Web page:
At last week’s Interfaith Gathering for Peace, the Rev. Mary Carter Greene, congregants and visitors wrote messages of peace on rocks and spread them throughout the city.
Jeremiah 15:15-21; Psalm 26:1-8; Romans 12:9-21; Matthew 16:21-28
Your words were found, and I ate them, and your words became to me a joy and the delight of my heart. So does the prophet and poet Jeremiah sing of his calling.
In today’s gospel reading, Jesus tells his disciples that if they want to become his followers, they must deny themselves and take up their cross and follow him. On the surface these words do not seem to promise joy and delight of heart, then or now. But what does denying ourselves and taking up our cross actually mean? What exactly is our cross?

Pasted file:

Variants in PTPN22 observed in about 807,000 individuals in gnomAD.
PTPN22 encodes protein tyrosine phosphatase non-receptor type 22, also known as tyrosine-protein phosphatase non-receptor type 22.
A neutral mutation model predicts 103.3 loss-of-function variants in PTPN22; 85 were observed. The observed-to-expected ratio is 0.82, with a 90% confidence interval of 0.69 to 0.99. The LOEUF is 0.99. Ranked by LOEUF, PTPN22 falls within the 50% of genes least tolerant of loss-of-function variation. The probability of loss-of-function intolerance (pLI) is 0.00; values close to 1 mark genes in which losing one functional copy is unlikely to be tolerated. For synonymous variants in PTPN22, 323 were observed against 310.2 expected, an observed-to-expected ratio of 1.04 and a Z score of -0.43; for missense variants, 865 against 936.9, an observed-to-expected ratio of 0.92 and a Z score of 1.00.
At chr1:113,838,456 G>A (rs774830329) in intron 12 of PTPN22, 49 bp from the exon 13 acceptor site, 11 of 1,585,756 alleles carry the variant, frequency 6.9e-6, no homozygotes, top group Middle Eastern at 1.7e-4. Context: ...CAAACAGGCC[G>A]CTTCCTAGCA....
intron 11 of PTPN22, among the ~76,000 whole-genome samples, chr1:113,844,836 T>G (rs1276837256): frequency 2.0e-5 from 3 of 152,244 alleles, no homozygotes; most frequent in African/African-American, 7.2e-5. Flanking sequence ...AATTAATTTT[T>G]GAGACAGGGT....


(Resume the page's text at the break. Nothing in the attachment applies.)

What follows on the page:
Bearing our cross is not necessarily the hard and dramatic ascent of Calvary; most often it happens in the ordinary details of our lives: we pick up and carry the cross whenever we put aside our own selfish impulses and choose instead to share God’s love with others. We cannot follow Jesus until we turn the swords of hate and greed and fear into the plowshares of kindness and blessing.
In his letter to the Romans, Paul tells us exactly how to cultivate the spirit of self-denial that Jesus requires of us: love one another … persevere in prayer … extend hospitality … live in harmony … bless those who persecute you … overcome evil with good. Reread the passage during the week, and see where in your life you can pause, stop and pick up your cross.
Your words were found, and I ate them, and your words became to me a joy and the delight of my heart.
This reflection was written by Peter Grace, a member of the cathedral congregation since 2010 and a 2014 graduate of Education for Ministry. He is a co-facilitator of the Thursday Bible study and 4:30 Sunday book study group.